Darvocet and Darvon Addiction and Abuse

Modified: 22nd Jul 2019

Last updated on July 22nd, 2019 at 02:50 pm

The active ingredients in these medications are propoxyphene and acetaminophen. Acetaminophen is also the active ingredient in Tylenol and is considered a safe drug. However, propoxyphene is a different story.

After over 10,000 deaths associated with propoxyphene, Darvocet and Darvon were banned by the FDA in 2010.

Despite this, many of these pills remain in circulation. They are often referred to colloquially as pinks, 65’s, footballs, and N’s. 

Darvocet and Darvon fall under the class of drugs known as opioids, and as such, they are potentially addictive. Darvocet shares many similarities with the synthetic narcotic, methadone.

Find out more about Darvocet and Darvon addiction and abuse and what can be done about it.

Darvocet and Darvon Addiction Statistics

Due to the illegal status of Darvocet and Darvon, there are only a few statistics available for these drugs. This is what we do know:

General Statistics on Addiction to Darvocet and Darvon

Opiate addiction is on the rise in the USA, with an increase of 30% between 2016 and 2017.

Millions of people have been affected by the misuse of opioids in recent times.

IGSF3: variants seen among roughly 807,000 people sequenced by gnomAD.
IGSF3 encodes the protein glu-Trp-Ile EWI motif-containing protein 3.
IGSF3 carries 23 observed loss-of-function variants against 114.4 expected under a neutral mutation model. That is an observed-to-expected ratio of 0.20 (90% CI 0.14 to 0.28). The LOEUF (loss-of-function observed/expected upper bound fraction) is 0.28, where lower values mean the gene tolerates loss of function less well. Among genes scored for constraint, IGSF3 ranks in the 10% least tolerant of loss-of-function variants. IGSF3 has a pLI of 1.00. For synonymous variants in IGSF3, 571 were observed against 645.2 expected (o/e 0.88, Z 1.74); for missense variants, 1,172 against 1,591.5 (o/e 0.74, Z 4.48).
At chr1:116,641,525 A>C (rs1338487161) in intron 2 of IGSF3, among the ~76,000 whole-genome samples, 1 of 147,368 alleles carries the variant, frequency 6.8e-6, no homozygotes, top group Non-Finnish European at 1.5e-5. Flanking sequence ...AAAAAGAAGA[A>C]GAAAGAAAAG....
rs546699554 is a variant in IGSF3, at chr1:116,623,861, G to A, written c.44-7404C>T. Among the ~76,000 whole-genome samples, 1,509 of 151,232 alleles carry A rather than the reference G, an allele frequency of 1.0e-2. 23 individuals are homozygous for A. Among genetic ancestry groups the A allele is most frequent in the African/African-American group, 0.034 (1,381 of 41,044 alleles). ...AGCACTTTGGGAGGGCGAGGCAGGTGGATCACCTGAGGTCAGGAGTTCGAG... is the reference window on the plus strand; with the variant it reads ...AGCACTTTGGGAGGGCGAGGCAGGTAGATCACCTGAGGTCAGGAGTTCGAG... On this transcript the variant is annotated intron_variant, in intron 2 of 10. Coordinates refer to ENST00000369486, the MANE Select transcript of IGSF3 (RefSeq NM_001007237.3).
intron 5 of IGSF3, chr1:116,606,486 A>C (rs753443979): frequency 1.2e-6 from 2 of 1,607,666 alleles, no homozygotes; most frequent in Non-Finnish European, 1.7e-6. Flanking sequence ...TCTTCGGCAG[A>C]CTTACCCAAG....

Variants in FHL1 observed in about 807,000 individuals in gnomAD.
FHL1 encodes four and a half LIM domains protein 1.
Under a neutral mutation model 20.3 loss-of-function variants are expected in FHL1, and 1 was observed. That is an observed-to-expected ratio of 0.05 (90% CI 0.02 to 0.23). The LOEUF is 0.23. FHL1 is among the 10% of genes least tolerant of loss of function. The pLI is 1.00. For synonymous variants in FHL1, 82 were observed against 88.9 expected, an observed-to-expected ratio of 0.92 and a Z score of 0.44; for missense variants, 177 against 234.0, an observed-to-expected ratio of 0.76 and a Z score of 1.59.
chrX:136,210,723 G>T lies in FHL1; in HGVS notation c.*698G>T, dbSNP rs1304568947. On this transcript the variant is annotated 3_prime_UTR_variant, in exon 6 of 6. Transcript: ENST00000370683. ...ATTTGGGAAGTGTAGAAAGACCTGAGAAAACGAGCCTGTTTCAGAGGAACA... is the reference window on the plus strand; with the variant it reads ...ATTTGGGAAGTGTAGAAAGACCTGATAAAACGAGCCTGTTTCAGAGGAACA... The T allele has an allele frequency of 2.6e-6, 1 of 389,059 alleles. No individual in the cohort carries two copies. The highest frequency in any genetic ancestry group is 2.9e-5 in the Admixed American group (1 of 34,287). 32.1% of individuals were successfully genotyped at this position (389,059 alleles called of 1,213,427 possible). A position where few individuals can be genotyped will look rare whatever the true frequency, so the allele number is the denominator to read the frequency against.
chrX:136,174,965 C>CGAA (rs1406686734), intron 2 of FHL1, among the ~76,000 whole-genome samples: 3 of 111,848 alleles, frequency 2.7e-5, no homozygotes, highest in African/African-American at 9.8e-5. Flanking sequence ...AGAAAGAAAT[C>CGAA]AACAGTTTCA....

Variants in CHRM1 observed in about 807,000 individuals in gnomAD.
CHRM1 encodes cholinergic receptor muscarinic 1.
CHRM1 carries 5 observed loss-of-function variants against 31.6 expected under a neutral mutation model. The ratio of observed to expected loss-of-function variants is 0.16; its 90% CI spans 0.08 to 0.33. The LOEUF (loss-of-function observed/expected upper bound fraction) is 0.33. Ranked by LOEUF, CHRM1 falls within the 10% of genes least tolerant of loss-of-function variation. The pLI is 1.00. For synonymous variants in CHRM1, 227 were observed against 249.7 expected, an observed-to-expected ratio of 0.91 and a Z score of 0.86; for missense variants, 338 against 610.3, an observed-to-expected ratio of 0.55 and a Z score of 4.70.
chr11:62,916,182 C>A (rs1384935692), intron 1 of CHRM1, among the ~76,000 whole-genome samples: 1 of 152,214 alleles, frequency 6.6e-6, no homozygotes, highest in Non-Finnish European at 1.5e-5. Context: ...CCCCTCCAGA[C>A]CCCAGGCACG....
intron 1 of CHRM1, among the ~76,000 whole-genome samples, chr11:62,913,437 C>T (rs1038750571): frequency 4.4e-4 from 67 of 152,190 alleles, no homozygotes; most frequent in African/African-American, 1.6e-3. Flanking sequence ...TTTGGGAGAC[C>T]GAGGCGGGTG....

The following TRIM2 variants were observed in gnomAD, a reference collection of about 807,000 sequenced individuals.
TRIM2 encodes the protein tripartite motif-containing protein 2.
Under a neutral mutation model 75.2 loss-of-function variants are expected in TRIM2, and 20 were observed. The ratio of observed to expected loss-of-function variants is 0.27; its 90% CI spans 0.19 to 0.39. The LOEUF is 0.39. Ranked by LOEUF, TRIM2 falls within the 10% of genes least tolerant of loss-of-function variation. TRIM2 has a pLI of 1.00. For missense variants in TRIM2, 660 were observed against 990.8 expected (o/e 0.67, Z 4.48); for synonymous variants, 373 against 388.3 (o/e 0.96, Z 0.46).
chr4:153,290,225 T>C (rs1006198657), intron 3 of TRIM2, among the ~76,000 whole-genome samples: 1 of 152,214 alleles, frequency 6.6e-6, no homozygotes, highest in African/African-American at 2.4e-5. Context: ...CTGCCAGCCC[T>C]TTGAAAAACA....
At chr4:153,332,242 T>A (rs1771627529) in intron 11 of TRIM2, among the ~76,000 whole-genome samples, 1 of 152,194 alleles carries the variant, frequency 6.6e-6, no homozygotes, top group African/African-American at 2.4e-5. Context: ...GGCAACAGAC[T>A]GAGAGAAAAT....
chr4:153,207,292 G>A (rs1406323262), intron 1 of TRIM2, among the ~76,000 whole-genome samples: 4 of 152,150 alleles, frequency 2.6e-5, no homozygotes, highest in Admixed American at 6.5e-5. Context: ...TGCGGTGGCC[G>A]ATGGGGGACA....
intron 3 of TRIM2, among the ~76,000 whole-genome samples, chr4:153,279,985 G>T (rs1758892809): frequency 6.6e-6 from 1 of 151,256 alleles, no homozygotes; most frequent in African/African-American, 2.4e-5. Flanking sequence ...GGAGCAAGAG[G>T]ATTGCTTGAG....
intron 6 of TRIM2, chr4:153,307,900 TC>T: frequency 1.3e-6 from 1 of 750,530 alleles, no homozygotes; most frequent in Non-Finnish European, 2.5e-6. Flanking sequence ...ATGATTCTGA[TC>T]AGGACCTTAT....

Before they were banned, Darvocet and Darvon were listed as one of the most commonly abused prescription drugs

In one study, most deaths associated with propoxyphene were suicide attempts involving several addictive drugs. This implies that Darvocet and Darvon had a place in the medicine closet of many an addict.

Demographics 

There are no conclusive into the demographic similarities between propoxyphene addicts, however, much is known about people who abuse painkillers in general.

Usually, these people will have a genetic predisposition towards addiction combined with a history of physical pain which caused them to take the drug in the first place.

Common psychological factors include underlying trauma, depressive or anxious tendencies, or a history of neglect. Many people who become addicted to painkillers grew up in conditions of homelessness, poor housing or poverty.

Despite these similarities, it’s important to note that addiction has very little regard for demographics and can affect people from all walks of life.

Signs Of Darvocet and Darvon Addiction and Abuse

Since both these medications are no longer available by legal means, you would have to obtain them by underhanded means. 

Taking these kinds of risks to get your hands on a drug is already a sign of dependency. 

Other symptoms of Darvocet and Darvon abuse include:

  • Facial swelling including the tongue, throat and lips
  • Nausea
  • Seizures
  • Chest pain
  • Appetite loss
  • Blurred vision and headaches
  • Itching and skin rashes
  • Jaundice
  • Difficulty breathing

In addition, abuse of painkillers can lead to psychological changes like unusual behavior or thoughts. 

Long-term abuse can cause serious mental problems like:

  • Changes in your personality
  • Altered perception of reality
  • Negative body image and low self-esteem
  • Violent outbursts or feelings of rage
  • Mood swings
  • Confusion
  • Anxiety and depression
  • Paranoia